Isolation and Identification of Arsenic Hyper-Tolerant Bacterium with Potential Plant Growth Promoting Properties from Soil
The soil and groundwater of the Bhagobangola I block of Murshidabad district, West Bengal, India is severely arsenic-contaminated. A bacterium was isolated from the garden soil of the Mahishasthali village, which could tolerate 36.49 mM arsenic (III), 280.44 mM arsenic (V) and 63 mM chromium (III), which makes it arsenic (III and V) and chromium (III) hyper-tolerant bacterium. The growth pattern of this bacterium does not show much alteration in the presence of 10 mM arsenic (III) and chromium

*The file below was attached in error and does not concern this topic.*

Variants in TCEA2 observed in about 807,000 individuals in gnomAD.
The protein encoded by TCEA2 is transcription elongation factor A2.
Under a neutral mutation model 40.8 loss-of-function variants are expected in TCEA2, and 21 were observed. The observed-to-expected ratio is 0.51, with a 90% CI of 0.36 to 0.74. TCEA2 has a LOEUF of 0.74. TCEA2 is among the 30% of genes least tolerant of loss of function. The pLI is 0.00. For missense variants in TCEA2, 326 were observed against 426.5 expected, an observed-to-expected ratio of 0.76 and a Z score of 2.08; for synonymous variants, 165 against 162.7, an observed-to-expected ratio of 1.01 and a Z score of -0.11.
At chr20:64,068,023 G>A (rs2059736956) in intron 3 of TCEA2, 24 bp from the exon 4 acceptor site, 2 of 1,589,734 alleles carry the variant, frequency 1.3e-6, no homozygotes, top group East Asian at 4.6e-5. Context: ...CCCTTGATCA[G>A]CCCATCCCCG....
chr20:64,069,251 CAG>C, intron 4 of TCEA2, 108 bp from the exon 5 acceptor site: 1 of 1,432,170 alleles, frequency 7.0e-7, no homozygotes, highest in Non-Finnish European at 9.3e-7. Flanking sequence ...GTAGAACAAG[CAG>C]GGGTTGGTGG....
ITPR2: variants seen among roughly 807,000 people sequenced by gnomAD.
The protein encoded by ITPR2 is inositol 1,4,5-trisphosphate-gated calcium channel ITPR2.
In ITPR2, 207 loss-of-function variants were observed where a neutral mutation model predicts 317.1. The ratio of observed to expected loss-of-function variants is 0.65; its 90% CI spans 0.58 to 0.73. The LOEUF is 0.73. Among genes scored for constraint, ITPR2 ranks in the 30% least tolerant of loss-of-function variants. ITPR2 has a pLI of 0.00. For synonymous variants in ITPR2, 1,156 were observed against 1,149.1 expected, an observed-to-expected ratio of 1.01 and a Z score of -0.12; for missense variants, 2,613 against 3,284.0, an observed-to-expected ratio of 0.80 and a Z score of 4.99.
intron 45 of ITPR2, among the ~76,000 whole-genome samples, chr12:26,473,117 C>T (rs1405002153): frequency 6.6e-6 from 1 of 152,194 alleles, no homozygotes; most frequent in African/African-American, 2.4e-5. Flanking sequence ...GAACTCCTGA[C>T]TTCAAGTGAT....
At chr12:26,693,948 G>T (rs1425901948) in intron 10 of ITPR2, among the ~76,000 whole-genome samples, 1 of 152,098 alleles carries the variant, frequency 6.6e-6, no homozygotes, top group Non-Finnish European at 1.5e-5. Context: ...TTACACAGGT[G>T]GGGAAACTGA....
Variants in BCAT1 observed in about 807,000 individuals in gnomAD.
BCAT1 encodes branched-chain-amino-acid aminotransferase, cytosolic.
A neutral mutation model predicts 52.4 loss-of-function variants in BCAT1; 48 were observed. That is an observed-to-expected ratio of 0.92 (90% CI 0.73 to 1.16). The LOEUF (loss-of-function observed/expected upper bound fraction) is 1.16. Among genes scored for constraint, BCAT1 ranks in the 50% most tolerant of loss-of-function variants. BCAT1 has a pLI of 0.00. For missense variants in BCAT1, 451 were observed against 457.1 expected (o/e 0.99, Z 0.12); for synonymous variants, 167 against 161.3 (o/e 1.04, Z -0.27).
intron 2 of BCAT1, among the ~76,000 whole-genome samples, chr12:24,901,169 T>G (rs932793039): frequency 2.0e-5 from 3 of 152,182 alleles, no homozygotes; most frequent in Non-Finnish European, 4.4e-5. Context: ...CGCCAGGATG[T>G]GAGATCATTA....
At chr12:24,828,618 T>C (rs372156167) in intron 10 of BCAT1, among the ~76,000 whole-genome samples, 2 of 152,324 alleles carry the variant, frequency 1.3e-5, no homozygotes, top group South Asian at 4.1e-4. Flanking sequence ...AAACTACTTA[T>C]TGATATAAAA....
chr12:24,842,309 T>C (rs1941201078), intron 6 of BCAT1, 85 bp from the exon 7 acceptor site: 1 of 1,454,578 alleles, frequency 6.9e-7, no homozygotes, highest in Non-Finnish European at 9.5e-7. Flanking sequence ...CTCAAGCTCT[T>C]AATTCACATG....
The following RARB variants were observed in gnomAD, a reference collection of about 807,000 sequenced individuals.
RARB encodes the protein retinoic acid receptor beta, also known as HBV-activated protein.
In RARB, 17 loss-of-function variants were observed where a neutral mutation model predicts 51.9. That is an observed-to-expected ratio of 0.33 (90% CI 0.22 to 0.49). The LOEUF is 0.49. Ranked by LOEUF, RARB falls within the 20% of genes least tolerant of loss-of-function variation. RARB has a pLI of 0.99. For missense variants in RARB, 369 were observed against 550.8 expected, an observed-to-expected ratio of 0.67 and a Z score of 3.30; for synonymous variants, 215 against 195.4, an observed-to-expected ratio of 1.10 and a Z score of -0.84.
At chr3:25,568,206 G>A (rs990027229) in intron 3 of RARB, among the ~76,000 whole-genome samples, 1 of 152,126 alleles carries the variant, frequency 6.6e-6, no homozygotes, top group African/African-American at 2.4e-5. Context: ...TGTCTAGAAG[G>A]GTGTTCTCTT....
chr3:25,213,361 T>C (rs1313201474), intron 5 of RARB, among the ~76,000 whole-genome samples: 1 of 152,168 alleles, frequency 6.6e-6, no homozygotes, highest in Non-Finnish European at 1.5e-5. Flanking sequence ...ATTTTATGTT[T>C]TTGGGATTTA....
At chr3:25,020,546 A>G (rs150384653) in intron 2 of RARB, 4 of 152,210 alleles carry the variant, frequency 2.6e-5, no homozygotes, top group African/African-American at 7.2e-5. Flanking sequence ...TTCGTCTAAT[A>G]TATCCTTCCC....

... III), emphasizing its resistance to these heavy metals. Scanning electron microscopic analysis depicted this bacterium to be rod-shaped with a size of ~1.45 µm. 16S rDNA sequencing, followed by subsequent phylogenetic analysis, established the identity of this bacterium as Microbacterium paraoxydans. This bacterium is capable of bioremediation of arsenic and showed 30.8% and 35.2% of bioremediation for 1mM and 22.6%, and 30.5% of bioremediation for 4mM arsenite, over a period of 24 and 48 h, respectively. Microbacterium paraoxydans also exhibits potential plant growth-promoting properties such as nitrogen fixation, phosphate solubilization, indole-3-acetic acid production and production of siderophores. Therefore, the heavy metal resistance, bioremediation potential and plant growth-promoting potential of the bacterium could be utilized not only for reduction in arsenic toxicity in soil and groundwater but also for plant growth promotion.